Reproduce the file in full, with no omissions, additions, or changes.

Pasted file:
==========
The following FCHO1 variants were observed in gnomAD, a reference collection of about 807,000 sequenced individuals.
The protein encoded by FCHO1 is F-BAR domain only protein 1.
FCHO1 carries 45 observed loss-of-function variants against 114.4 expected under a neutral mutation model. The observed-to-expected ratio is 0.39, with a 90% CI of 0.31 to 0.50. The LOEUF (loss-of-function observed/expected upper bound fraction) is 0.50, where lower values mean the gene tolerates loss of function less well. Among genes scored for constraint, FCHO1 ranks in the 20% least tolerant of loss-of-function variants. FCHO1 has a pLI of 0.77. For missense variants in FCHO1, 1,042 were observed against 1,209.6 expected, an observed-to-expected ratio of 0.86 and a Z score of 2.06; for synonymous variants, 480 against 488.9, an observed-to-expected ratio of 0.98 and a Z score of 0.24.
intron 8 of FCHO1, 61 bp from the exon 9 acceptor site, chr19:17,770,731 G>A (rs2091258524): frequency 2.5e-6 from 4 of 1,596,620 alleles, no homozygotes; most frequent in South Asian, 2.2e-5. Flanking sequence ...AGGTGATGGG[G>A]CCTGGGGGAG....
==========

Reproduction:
The following FCHO1 variants were observed in gnomAD, a reference collection of about 807,000 sequenced individuals.
The protein encoded by FCHO1 is F-BAR domain only protein 1.
FCHO1 carries 45 observed loss-of-function variants against 114.4 expected under a neutral mutation model. The observed-to-expected ratio is 0.39, with a 90% CI of 0.31 to 0.50. The LOEUF (loss-of-function observed/expected upper bound fraction) is 0.50, where lower values mean the gene tolerates loss of function less well. Among genes scored for constraint, FCHO1 ranks in the 20% least tolerant of loss-of-function variants. FCHO1 has a pLI of 0.77. For missense variants in FCHO1, 1,042 were observed against 1,209.6 expected, an observed-to-expected ratio of 0.86 and a Z score of 2.06; for synonymous variants, 480 against 488.9, an observed-to-expected ratio of 0.98 and a Z score of 0.24.
intron 8 of FCHO1, 61 bp from the exon 9 acceptor site, chr19:17,770,731 G>A (rs2091258524): frequency 2.5e-6 from 4 of 1,596,620 alleles, no homozygotes; most frequent in South Asian, 2.2e-5. Flanking sequence ...AGGTGATGGG[G>A]CCTGGGGGAG....